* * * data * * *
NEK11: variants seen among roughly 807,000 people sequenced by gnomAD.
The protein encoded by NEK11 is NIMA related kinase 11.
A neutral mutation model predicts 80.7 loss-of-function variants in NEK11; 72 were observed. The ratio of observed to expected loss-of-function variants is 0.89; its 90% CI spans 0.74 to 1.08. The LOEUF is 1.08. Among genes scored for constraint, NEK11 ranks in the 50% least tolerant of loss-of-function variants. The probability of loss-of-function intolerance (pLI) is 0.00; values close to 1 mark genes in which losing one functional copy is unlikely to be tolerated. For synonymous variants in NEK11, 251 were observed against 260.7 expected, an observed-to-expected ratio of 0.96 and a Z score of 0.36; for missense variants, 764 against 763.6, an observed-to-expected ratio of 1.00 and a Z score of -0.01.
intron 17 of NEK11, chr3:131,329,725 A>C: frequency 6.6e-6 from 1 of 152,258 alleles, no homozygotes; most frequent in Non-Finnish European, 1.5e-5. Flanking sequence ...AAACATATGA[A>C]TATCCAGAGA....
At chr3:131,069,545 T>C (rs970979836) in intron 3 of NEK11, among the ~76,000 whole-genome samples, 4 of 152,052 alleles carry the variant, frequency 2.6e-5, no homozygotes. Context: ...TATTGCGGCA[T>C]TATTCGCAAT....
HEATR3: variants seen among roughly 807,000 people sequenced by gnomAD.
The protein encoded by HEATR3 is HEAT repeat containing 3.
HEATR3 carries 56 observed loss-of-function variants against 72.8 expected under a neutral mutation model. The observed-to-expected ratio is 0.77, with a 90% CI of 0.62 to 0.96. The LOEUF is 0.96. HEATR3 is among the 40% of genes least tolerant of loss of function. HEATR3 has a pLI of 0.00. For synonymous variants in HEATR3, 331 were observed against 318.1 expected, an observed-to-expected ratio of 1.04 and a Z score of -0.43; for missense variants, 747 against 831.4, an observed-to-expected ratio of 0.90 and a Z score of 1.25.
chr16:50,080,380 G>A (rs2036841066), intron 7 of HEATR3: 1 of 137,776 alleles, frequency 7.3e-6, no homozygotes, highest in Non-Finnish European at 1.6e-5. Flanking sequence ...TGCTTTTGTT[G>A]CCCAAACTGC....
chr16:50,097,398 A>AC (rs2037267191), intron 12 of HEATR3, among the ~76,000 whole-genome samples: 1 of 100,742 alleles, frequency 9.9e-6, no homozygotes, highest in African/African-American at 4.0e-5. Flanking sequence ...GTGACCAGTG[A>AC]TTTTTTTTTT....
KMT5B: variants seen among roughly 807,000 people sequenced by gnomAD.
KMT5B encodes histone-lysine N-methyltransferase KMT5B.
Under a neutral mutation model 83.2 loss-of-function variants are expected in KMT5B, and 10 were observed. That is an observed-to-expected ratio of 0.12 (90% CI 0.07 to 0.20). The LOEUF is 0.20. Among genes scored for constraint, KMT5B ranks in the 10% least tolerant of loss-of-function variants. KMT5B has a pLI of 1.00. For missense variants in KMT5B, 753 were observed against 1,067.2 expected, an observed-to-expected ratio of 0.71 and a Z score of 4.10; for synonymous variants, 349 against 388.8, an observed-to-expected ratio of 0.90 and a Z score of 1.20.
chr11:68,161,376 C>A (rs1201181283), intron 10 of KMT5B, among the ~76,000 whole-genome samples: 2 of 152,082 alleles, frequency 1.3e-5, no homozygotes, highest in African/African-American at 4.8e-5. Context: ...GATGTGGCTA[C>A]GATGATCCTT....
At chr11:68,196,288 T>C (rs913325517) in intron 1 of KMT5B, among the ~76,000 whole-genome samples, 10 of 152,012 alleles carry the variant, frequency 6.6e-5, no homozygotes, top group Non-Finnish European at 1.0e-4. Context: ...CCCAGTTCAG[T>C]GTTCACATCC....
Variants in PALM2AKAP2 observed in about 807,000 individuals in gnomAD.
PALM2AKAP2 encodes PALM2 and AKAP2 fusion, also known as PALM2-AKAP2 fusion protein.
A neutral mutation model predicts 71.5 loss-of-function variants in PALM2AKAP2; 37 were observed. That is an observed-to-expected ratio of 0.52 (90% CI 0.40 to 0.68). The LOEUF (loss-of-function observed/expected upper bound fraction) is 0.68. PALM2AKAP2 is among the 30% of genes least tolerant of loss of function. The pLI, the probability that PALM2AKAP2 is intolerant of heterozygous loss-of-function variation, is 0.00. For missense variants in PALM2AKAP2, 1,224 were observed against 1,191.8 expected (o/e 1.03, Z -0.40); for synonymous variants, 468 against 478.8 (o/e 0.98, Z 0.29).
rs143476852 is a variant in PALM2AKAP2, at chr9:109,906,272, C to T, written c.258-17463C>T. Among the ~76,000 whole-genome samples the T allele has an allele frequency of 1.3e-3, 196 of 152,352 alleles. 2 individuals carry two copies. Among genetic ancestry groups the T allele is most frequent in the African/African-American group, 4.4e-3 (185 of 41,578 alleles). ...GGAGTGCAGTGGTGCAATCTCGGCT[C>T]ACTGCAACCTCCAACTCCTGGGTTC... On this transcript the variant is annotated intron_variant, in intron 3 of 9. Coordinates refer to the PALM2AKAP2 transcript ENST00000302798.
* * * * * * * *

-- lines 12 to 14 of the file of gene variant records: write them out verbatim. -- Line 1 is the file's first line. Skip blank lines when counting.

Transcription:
KMT5B encodes histone-lysine N-methyltransferase KMT5B.
Under a neutral mutation model 83.2 loss-of-function variants are expected in KMT5B, and 10 were observed. That is an observed-to-expected ratio of 0.12 (90% CI 0.07 to 0.20). The LOEUF is 0.20. Among genes scored for constraint, KMT5B ranks in the 10% least tolerant of loss-of-function variants. KMT5B has a pLI of 1.00. For missense variants in KMT5B, 753 were observed against 1,067.2 expected, an observed-to-expected ratio of 0.71 and a Z score of 4.10; for synonymous variants, 349 against 388.8, an observed-to-expected ratio of 0.90 and a Z score of 1.20.
chr11:68,161,376 C>A (rs1201181283), intron 10 of KMT5B, among the ~76,000 whole-genome samples: 2 of 152,082 alleles, frequency 1.3e-5, no homozygotes, highest in African/African-American at 4.8e-5. Context: ...GATGTGGCTA[C>A]GATGATCCTT....